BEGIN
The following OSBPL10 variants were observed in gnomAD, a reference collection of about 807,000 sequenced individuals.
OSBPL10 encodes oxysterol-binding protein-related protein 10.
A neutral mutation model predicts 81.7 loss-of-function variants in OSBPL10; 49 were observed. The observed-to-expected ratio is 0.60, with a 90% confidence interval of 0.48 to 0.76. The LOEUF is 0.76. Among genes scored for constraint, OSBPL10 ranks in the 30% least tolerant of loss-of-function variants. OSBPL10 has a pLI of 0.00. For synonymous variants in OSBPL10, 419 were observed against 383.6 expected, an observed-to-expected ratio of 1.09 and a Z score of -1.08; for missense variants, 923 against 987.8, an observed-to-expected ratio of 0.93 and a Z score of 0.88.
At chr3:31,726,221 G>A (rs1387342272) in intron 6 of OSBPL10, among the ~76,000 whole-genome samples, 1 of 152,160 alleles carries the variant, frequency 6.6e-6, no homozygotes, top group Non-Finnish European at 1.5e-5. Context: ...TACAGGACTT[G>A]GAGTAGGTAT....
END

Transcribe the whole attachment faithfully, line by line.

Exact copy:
The following OSBPL10 variants were observed in gnomAD, a reference collection of about 807,000 sequenced individuals.
OSBPL10 encodes oxysterol-binding protein-related protein 10.
A neutral mutation model predicts 81.7 loss-of-function variants in OSBPL10; 49 were observed. The observed-to-expected ratio is 0.60, with a 90% confidence interval of 0.48 to 0.76. The LOEUF is 0.76. Among genes scored for constraint, OSBPL10 ranks in the 30% least tolerant of loss-of-function variants. OSBPL10 has a pLI of 0.00. For synonymous variants in OSBPL10, 419 were observed against 383.6 expected, an observed-to-expected ratio of 1.09 and a Z score of -1.08; for missense variants, 923 against 987.8, an observed-to-expected ratio of 0.93 and a Z score of 0.88.
At chr3:31,726,221 G>A (rs1387342272) in intron 6 of OSBPL10, among the ~76,000 whole-genome samples, 1 of 152,160 alleles carries the variant, frequency 6.6e-6, no homozygotes, top group Non-Finnish European at 1.5e-5. Context: ...TACAGGACTT[G>A]GAGTAGGTAT....